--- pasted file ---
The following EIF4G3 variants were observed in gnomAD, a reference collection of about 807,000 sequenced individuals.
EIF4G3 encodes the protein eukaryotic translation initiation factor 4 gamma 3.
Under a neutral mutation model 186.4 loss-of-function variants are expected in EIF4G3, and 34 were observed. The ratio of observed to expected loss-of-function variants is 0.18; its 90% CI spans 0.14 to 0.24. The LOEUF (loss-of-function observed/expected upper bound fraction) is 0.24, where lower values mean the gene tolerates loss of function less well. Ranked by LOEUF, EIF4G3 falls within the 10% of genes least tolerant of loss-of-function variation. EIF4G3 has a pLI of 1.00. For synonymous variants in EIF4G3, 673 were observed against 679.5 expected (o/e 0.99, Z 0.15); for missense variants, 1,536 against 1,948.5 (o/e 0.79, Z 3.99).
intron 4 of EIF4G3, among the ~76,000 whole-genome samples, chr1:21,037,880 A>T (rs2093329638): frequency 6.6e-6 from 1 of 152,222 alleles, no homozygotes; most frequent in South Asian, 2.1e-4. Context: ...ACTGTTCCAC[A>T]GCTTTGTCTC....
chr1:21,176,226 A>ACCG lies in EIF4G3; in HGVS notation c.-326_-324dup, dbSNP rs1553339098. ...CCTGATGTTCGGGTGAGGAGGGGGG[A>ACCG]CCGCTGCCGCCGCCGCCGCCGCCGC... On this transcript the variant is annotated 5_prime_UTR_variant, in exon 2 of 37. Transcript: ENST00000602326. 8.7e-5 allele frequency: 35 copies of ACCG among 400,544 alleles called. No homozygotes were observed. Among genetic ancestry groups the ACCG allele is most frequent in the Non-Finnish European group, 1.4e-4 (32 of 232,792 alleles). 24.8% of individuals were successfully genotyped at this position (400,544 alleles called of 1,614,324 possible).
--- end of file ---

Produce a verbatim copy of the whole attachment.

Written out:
The following EIF4G3 variants were observed in gnomAD, a reference collection of about 807,000 sequenced individuals.
EIF4G3 encodes the protein eukaryotic translation initiation factor 4 gamma 3.
Under a neutral mutation model 186.4 loss-of-function variants are expected in EIF4G3, and 34 were observed. The ratio of observed to expected loss-of-function variants is 0.18; its 90% CI spans 0.14 to 0.24. The LOEUF (loss-of-function observed/expected upper bound fraction) is 0.24, where lower values mean the gene tolerates loss of function less well. Ranked by LOEUF, EIF4G3 falls within the 10% of genes least tolerant of loss-of-function variation. EIF4G3 has a pLI of 1.00. For synonymous variants in EIF4G3, 673 were observed against 679.5 expected (o/e 0.99, Z 0.15); for missense variants, 1,536 against 1,948.5 (o/e 0.79, Z 3.99).
intron 4 of EIF4G3, among the ~76,000 whole-genome samples, chr1:21,037,880 A>T (rs2093329638): frequency 6.6e-6 from 1 of 152,222 alleles, no homozygotes; most frequent in South Asian, 2.1e-4. Context: ...ACTGTTCCAC[A>T]GCTTTGTCTC....
chr1:21,176,226 A>ACCG lies in EIF4G3; in HGVS notation c.-326_-324dup, dbSNP rs1553339098. ...CCTGATGTTCGGGTGAGGAGGGGGG[A>ACCG]CCGCTGCCGCCGCCGCCGCCGCCGC... On this transcript the variant is annotated 5_prime_UTR_variant, in exon 2 of 37. Transcript: ENST00000602326. 8.7e-5 allele frequency: 35 copies of ACCG among 400,544 alleles called. No homozygotes were observed. Among genetic ancestry groups the ACCG allele is most frequent in the Non-Finnish European group, 1.4e-4 (32 of 232,792 alleles). 24.8% of individuals were successfully genotyped at this position (400,544 alleles called of 1,614,324 possible).